Bank regulators mull new cyber standards

Shutterstock image (by fotogestoeber): virus infection spreading out in a network.

The three big federal banking regulatory agencies are seeking input on a set of proposed cyber risk management and resilience standards.

The proposed standards from the Board of Governors of the Federal Reserve System, the Office of the Comptroller of the Currency and the Federal Deposit Insurance Corporation would apply to large, interconnected banks under those agencies' supervision and to services provided by third parties to those banks.

The regulatory agencies are considering applying the standards to banks and depository institution holding companies that have more than $50 billion in total consolidated assets, U.S. operations of foreign banking organizations with total U.S. assets of $50 billion or more, and financial market infrastructure companies and nonbank financial companies supervised by the Federal Reserve System board. The proposed standards would not apply to community banks.

Regulators warn that the consequences of a technology failure or attack directed at the financial system could be catastrophic.

"Due to the interconnectedness of the U.S. financial system, a cyber incident or failure at one interconnected entity may not only impact the safety and soundness of the entity, but also other financial entities with potentially systemic consequences," the agencies' notice states.

The enhanced standards are aimed at increasing operational resilience and reducing the ability of a cyberattack on one institution to spread to others. The proposed standards would cover cyber risk governance; cyber risk management; internal dependency management; external dependency management; and incident response, cyber resilience and situational awareness.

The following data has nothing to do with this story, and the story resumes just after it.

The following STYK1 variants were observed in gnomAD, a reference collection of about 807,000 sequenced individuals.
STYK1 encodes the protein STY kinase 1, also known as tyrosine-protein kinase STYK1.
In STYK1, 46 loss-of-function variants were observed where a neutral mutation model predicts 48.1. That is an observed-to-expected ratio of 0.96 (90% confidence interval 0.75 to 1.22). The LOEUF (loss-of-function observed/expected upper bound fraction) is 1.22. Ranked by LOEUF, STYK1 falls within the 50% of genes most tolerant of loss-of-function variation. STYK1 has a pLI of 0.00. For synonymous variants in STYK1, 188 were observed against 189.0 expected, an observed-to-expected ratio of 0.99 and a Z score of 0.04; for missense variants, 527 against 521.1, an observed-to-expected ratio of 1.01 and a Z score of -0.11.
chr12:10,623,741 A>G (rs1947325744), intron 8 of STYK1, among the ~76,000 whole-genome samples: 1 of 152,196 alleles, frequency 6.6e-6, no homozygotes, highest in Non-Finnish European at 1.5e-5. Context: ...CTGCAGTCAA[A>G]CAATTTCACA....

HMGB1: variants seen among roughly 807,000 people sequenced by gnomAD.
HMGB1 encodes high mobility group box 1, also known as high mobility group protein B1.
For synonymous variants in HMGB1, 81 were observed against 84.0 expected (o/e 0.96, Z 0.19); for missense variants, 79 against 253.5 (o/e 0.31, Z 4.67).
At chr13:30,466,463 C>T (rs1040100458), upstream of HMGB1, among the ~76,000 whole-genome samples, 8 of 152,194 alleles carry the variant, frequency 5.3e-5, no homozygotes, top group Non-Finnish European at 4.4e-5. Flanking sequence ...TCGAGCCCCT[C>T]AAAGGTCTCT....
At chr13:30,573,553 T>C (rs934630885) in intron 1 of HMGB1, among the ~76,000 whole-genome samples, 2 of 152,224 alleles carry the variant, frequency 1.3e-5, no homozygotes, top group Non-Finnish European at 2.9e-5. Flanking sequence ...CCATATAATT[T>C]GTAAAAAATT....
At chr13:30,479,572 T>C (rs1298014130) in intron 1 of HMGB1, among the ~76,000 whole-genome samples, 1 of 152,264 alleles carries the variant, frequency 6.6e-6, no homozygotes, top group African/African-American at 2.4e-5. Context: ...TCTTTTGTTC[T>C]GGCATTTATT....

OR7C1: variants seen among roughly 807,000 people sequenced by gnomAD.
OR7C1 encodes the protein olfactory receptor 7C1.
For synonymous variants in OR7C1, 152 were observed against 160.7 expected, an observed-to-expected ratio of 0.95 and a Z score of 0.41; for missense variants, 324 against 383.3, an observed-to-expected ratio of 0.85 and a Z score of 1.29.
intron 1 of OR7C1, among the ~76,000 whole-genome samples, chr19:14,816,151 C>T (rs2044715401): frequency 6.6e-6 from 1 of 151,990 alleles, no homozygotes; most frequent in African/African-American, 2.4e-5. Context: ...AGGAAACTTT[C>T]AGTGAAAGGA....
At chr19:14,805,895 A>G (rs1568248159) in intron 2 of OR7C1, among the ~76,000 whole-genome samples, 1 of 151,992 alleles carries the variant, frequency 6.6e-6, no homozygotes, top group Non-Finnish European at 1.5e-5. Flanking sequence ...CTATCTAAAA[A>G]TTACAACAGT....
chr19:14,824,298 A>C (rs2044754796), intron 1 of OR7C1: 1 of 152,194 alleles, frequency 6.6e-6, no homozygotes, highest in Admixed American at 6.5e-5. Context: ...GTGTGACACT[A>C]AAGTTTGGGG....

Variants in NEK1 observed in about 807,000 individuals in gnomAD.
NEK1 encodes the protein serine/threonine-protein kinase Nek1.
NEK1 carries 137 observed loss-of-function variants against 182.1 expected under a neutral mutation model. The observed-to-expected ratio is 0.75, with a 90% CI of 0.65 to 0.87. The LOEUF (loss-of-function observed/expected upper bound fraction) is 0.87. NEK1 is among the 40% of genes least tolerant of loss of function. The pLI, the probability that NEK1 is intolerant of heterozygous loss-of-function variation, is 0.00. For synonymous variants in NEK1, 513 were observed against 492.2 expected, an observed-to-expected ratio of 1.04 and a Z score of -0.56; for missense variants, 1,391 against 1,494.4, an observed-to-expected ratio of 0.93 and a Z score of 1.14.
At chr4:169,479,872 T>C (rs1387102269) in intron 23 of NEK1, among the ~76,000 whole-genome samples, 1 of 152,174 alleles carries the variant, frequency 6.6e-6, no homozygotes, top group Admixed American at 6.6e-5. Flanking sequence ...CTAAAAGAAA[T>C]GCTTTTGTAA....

They would be paired with an additional set of higher standards for systems that provide key functionality to the financial sector.

The agencies are also considering a requirement for covered financial institutions to store key data off-line in the event that an attack or system failure eradicates online financial records, including balances, deposits and loans. That provision would entail banks adopting "certain defined data standards to allow for restoration of these records by another financial institution, service provider or the FDIC in the event of resolution," the notice states.

The deadline for comments is Jan. 17, 2017.

About the Author

Mark Rockwell is a senior staff writer at FCW, whose beat focuses on acquisition, the Department of Homeland Security and the Department of Energy.

Before joining FCW, Rockwell was Washington correspondent for Government Security News, where he covered all aspects of homeland security from IT to detection dogs and border security. Over the last 25 years in Washington as a reporter, editor and correspondent, he has covered an increasingly wide array of high-tech issues for publications like Communications Week, Internet Week, Fiber Optics News, magazine and Wireless Week.

Rockwell received a Jesse H. Neal Award for his work covering telecommunications issues, and is a graduate of James Madison University.

Click here for previous articles by Rockwell. Contact him at or follow him on Twitter at @MRockwell4.


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